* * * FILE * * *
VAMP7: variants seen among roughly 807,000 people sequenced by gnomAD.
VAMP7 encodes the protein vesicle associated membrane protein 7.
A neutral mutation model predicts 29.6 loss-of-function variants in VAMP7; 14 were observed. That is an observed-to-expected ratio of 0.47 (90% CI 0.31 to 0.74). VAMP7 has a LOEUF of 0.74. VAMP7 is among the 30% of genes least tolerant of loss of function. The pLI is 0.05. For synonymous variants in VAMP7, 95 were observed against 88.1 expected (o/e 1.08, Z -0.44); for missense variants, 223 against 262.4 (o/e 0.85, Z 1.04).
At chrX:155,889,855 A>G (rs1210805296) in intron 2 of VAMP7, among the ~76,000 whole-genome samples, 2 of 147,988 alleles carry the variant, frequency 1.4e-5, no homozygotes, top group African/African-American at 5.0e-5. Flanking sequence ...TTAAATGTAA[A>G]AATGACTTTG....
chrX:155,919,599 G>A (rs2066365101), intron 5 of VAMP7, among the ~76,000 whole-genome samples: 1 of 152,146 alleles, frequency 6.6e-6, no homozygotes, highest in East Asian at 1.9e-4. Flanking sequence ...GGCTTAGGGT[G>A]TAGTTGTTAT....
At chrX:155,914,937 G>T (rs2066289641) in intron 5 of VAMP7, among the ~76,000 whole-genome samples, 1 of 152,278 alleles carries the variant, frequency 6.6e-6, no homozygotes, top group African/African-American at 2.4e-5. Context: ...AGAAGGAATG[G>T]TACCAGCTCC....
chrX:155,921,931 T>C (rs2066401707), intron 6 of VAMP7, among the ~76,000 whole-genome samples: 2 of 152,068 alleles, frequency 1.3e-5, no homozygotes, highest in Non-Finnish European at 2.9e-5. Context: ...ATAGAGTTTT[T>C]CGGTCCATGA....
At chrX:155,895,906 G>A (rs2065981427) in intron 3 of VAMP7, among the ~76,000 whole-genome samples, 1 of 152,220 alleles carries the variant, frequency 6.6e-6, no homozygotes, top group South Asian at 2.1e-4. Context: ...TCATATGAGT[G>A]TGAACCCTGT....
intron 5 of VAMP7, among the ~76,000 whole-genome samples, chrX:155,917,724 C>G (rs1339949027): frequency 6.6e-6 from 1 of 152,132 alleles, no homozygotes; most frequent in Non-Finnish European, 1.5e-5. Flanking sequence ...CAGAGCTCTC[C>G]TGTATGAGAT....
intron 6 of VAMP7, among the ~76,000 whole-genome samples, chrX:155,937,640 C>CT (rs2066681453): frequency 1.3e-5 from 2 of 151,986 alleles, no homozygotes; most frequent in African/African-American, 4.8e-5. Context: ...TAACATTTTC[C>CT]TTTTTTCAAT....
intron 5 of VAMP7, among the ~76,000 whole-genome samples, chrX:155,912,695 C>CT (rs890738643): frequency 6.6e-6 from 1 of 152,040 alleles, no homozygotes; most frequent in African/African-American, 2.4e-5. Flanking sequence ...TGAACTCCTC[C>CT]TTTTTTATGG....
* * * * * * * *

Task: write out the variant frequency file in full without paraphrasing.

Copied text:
VAMP7: variants seen among roughly 807,000 people sequenced by gnomAD.
VAMP7 encodes the protein vesicle associated membrane protein 7.
A neutral mutation model predicts 29.6 loss-of-function variants in VAMP7; 14 were observed. That is an observed-to-expected ratio of 0.47 (90% CI 0.31 to 0.74). VAMP7 has a LOEUF of 0.74. VAMP7 is among the 30% of genes least tolerant of loss of function. The pLI is 0.05. For synonymous variants in VAMP7, 95 were observed against 88.1 expected (o/e 1.08, Z -0.44); for missense variants, 223 against 262.4 (o/e 0.85, Z 1.04).
At chrX:155,889,855 A>G (rs1210805296) in intron 2 of VAMP7, among the ~76,000 whole-genome samples, 2 of 147,988 alleles carry the variant, frequency 1.4e-5, no homozygotes, top group African/African-American at 5.0e-5. Flanking sequence ...TTAAATGTAA[A>G]AATGACTTTG....
chrX:155,919,599 G>A (rs2066365101), intron 5 of VAMP7, among the ~76,000 whole-genome samples: 1 of 152,146 alleles, frequency 6.6e-6, no homozygotes, highest in East Asian at 1.9e-4. Flanking sequence ...GGCTTAGGGT[G>A]TAGTTGTTAT....
At chrX:155,914,937 G>T (rs2066289641) in intron 5 of VAMP7, among the ~76,000 whole-genome samples, 1 of 152,278 alleles carries the variant, frequency 6.6e-6, no homozygotes, top group African/African-American at 2.4e-5. Context: ...AGAAGGAATG[G>T]TACCAGCTCC....
chrX:155,921,931 T>C (rs2066401707), intron 6 of VAMP7, among the ~76,000 whole-genome samples: 2 of 152,068 alleles, frequency 1.3e-5, no homozygotes, highest in Non-Finnish European at 2.9e-5. Context: ...ATAGAGTTTT[T>C]CGGTCCATGA....
At chrX:155,895,906 G>A (rs2065981427) in intron 3 of VAMP7, among the ~76,000 whole-genome samples, 1 of 152,220 alleles carries the variant, frequency 6.6e-6, no homozygotes, top group South Asian at 2.1e-4. Context: ...TCATATGAGT[G>A]TGAACCCTGT....
intron 5 of VAMP7, among the ~76,000 whole-genome samples, chrX:155,917,724 C>G (rs1339949027): frequency 6.6e-6 from 1 of 152,132 alleles, no homozygotes; most frequent in Non-Finnish European, 1.5e-5. Flanking sequence ...CAGAGCTCTC[C>G]TGTATGAGAT....
intron 6 of VAMP7, among the ~76,000 whole-genome samples, chrX:155,937,640 C>CT (rs2066681453): frequency 1.3e-5 from 2 of 151,986 alleles, no homozygotes; most frequent in African/African-American, 4.8e-5. Context: ...TAACATTTTC[C>CT]TTTTTTCAAT....
intron 5 of VAMP7, among the ~76,000 whole-genome samples, chrX:155,912,695 C>CT (rs890738643): frequency 6.6e-6 from 1 of 152,040 alleles, no homozygotes; most frequent in African/African-American, 2.4e-5. Flanking sequence ...TGAACTCCTC[C>CT]TTTTTTATGG....